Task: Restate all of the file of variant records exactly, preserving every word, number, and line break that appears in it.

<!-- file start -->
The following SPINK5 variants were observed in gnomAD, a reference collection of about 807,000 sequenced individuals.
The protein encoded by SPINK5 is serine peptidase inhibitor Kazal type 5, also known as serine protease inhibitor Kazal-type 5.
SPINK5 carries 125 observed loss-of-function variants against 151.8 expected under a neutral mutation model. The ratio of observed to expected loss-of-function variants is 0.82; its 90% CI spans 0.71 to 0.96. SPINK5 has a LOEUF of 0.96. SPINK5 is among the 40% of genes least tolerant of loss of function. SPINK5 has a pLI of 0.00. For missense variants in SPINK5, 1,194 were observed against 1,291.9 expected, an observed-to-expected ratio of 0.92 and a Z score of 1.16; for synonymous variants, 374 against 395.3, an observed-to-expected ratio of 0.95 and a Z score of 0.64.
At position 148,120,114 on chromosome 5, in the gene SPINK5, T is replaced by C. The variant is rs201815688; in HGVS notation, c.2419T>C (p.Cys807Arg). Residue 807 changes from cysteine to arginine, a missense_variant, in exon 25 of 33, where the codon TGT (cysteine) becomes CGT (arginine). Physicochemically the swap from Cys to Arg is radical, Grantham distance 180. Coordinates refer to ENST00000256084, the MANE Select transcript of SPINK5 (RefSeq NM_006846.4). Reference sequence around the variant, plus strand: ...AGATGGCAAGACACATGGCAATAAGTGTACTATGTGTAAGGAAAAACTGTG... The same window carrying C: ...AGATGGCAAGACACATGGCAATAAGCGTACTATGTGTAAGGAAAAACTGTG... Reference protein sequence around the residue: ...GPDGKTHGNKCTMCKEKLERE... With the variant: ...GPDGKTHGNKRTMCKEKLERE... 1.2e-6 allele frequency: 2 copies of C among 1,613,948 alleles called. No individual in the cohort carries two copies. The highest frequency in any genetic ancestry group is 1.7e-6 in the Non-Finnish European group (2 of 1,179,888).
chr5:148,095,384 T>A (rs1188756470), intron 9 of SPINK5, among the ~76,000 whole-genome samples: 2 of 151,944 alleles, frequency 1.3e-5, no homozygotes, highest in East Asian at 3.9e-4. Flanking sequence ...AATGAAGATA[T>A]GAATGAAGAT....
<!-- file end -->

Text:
The following SPINK5 variants were observed in gnomAD, a reference collection of about 807,000 sequenced individuals.
The protein encoded by SPINK5 is serine peptidase inhibitor Kazal type 5, also known as serine protease inhibitor Kazal-type 5.
SPINK5 carries 125 observed loss-of-function variants against 151.8 expected under a neutral mutation model. The ratio of observed to expected loss-of-function variants is 0.82; its 90% CI spans 0.71 to 0.96. SPINK5 has a LOEUF of 0.96. SPINK5 is among the 40% of genes least tolerant of loss of function. SPINK5 has a pLI of 0.00. For missense variants in SPINK5, 1,194 were observed against 1,291.9 expected, an observed-to-expected ratio of 0.92 and a Z score of 1.16; for synonymous variants, 374 against 395.3, an observed-to-expected ratio of 0.95 and a Z score of 0.64.
At position 148,120,114 on chromosome 5, in the gene SPINK5, T is replaced by C. The variant is rs201815688; in HGVS notation, c.2419T>C (p.Cys807Arg). Residue 807 changes from cysteine to arginine, a missense_variant, in exon 25 of 33, where the codon TGT (cysteine) becomes CGT (arginine). Physicochemically the swap from Cys to Arg is radical, Grantham distance 180. Coordinates refer to ENST00000256084, the MANE Select transcript of SPINK5 (RefSeq NM_006846.4). Reference sequence around the variant, plus strand: ...AGATGGCAAGACACATGGCAATAAGTGTACTATGTGTAAGGAAAAACTGTG... The same window carrying C: ...AGATGGCAAGACACATGGCAATAAGCGTACTATGTGTAAGGAAAAACTGTG... Reference protein sequence around the residue: ...GPDGKTHGNKCTMCKEKLERE... With the variant: ...GPDGKTHGNKRTMCKEKLERE... 1.2e-6 allele frequency: 2 copies of C among 1,613,948 alleles called. No individual in the cohort carries two copies. The highest frequency in any genetic ancestry group is 1.7e-6 in the Non-Finnish European group (2 of 1,179,888).
chr5:148,095,384 T>A (rs1188756470), intron 9 of SPINK5, among the ~76,000 whole-genome samples: 2 of 151,944 alleles, frequency 1.3e-5, no homozygotes, highest in East Asian at 3.9e-4. Flanking sequence ...AATGAAGATA[T>A]GAATGAAGAT....